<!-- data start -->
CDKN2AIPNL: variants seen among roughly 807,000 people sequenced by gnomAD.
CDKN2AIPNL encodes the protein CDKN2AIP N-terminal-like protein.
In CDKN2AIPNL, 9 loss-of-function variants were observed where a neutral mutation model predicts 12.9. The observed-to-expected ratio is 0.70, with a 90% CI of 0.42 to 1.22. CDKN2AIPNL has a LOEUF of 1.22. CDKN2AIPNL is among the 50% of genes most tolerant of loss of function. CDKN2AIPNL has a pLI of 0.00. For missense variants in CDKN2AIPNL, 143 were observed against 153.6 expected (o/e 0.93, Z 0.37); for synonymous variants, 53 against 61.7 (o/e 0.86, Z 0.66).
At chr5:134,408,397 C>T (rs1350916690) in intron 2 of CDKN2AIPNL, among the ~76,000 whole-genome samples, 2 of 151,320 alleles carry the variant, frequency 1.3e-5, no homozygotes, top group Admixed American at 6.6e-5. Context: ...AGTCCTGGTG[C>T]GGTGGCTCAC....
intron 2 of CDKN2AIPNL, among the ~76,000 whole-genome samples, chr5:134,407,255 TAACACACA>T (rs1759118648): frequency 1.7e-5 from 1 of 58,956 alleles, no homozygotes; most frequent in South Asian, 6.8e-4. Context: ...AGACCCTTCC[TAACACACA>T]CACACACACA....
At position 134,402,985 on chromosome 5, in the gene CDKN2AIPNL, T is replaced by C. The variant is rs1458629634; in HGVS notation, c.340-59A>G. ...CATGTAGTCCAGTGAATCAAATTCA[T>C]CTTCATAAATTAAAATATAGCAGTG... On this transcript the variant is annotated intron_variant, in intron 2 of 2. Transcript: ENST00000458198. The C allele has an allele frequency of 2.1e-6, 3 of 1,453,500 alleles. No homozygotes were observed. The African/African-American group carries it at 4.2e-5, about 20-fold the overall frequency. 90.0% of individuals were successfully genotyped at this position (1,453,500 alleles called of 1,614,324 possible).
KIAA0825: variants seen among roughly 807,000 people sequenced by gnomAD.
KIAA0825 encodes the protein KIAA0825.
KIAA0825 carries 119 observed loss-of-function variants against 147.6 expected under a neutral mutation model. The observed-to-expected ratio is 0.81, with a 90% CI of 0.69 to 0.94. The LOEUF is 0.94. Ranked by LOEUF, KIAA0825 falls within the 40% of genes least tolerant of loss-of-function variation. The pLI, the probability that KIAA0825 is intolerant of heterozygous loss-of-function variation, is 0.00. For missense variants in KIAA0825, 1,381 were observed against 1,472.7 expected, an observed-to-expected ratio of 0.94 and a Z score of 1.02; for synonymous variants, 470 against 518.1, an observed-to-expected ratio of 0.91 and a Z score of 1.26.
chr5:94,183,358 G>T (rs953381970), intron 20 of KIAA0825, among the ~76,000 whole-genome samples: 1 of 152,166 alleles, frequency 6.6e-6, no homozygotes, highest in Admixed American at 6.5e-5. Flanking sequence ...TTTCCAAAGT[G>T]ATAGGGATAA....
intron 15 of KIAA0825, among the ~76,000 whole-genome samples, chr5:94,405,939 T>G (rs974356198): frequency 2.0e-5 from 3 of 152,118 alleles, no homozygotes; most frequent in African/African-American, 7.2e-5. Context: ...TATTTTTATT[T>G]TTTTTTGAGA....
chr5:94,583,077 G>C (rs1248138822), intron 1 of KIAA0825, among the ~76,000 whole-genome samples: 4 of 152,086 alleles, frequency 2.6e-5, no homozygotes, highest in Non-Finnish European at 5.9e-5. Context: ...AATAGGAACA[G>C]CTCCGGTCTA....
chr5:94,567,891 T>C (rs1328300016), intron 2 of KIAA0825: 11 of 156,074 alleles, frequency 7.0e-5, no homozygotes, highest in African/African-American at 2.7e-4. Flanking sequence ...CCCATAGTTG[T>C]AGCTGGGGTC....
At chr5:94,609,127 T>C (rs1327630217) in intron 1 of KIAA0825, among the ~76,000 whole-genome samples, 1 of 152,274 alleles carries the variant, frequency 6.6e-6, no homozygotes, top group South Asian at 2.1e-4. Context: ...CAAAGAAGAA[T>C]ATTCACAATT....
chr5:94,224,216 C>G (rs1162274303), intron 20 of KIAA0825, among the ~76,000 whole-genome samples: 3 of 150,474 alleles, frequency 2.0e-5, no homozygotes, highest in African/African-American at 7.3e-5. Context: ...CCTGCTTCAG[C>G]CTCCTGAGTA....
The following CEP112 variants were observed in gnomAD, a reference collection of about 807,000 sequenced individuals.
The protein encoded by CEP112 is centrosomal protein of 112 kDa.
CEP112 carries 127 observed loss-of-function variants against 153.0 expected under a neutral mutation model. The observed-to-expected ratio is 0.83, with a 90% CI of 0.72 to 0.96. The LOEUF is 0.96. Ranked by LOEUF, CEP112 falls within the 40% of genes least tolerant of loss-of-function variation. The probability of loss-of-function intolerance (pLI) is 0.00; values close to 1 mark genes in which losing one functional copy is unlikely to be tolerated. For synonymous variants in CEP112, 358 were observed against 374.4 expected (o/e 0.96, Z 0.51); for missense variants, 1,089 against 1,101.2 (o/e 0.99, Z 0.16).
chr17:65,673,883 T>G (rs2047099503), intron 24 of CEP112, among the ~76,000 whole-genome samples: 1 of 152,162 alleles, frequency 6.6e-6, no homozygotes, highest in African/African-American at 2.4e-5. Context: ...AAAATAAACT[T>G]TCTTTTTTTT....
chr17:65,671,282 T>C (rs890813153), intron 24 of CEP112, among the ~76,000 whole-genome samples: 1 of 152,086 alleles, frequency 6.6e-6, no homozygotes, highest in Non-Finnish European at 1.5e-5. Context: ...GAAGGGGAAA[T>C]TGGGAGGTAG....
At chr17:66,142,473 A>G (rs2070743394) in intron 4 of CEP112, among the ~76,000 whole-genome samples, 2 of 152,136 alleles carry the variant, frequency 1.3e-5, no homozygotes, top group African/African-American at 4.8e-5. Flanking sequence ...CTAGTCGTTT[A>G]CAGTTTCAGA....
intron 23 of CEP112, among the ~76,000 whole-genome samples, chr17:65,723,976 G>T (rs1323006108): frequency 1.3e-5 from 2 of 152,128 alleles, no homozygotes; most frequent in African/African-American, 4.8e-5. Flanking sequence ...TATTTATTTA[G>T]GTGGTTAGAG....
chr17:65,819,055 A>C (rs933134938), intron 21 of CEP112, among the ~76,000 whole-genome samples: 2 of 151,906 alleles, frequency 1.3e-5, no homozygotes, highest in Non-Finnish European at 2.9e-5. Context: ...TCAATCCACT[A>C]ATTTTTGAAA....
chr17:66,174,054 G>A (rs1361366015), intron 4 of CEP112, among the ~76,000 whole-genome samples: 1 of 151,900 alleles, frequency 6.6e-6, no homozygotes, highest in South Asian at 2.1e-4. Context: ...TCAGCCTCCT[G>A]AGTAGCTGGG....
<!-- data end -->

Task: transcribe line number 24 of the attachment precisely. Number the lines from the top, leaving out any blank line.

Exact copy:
chr17:66,174,054 G>A (rs1361366015), intron 4 of CEP112, among the ~76,000 whole-genome samples: 1 of 151,900 alleles, frequency 6.6e-6, no homozygotes, highest in South Asian at 2.1e-4. Context: ...TCAGCCTCCT[G>A]AGTAGCTGGG....